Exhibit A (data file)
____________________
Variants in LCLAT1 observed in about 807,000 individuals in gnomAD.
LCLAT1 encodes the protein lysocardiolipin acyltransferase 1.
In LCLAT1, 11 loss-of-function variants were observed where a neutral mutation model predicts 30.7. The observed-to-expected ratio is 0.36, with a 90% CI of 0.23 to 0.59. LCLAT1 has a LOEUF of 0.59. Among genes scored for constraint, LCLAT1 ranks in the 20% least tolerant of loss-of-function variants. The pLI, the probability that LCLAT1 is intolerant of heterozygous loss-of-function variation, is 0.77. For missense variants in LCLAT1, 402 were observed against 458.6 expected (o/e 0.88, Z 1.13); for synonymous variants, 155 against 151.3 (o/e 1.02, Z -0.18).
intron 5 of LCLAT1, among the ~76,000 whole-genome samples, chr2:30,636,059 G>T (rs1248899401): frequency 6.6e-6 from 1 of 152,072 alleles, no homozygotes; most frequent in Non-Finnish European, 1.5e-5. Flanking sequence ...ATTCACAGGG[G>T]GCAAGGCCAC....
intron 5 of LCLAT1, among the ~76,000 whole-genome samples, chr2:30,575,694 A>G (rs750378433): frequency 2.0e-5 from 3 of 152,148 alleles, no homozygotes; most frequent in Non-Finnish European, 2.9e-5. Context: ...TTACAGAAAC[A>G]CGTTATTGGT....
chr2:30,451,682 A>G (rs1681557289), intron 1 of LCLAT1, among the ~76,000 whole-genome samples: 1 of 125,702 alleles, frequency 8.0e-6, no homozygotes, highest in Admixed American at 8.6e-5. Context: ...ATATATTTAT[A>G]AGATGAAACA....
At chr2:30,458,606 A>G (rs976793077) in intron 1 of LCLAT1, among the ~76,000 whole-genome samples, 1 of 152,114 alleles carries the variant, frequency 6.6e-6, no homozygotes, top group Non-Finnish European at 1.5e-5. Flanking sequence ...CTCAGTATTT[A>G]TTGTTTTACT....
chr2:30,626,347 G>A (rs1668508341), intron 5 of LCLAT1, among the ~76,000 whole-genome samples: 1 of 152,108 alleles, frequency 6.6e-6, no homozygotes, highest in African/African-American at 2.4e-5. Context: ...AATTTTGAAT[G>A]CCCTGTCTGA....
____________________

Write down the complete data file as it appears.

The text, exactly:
Variants in LCLAT1 observed in about 807,000 individuals in gnomAD.
LCLAT1 encodes the protein lysocardiolipin acyltransferase 1.
In LCLAT1, 11 loss-of-function variants were observed where a neutral mutation model predicts 30.7. The observed-to-expected ratio is 0.36, with a 90% CI of 0.23 to 0.59. LCLAT1 has a LOEUF of 0.59. Among genes scored for constraint, LCLAT1 ranks in the 20% least tolerant of loss-of-function variants. The pLI, the probability that LCLAT1 is intolerant of heterozygous loss-of-function variation, is 0.77. For missense variants in LCLAT1, 402 were observed against 458.6 expected (o/e 0.88, Z 1.13); for synonymous variants, 155 against 151.3 (o/e 1.02, Z -0.18).
intron 5 of LCLAT1, among the ~76,000 whole-genome samples, chr2:30,636,059 G>T (rs1248899401): frequency 6.6e-6 from 1 of 152,072 alleles, no homozygotes; most frequent in Non-Finnish European, 1.5e-5. Flanking sequence ...ATTCACAGGG[G>T]GCAAGGCCAC....
intron 5 of LCLAT1, among the ~76,000 whole-genome samples, chr2:30,575,694 A>G (rs750378433): frequency 2.0e-5 from 3 of 152,148 alleles, no homozygotes; most frequent in Non-Finnish European, 2.9e-5. Context: ...TTACAGAAAC[A>G]CGTTATTGGT....
chr2:30,451,682 A>G (rs1681557289), intron 1 of LCLAT1, among the ~76,000 whole-genome samples: 1 of 125,702 alleles, frequency 8.0e-6, no homozygotes, highest in Admixed American at 8.6e-5. Context: ...ATATATTTAT[A>G]AGATGAAACA....
At chr2:30,458,606 A>G (rs976793077) in intron 1 of LCLAT1, among the ~76,000 whole-genome samples, 1 of 152,114 alleles carries the variant, frequency 6.6e-6, no homozygotes, top group Non-Finnish European at 1.5e-5. Flanking sequence ...CTCAGTATTT[A>G]TTGTTTTACT....
chr2:30,626,347 G>A (rs1668508341), intron 5 of LCLAT1, among the ~76,000 whole-genome samples: 1 of 152,108 alleles, frequency 6.6e-6, no homozygotes, highest in African/African-American at 2.4e-5. Context: ...AATTTTGAAT[G>A]CCCTGTCTGA....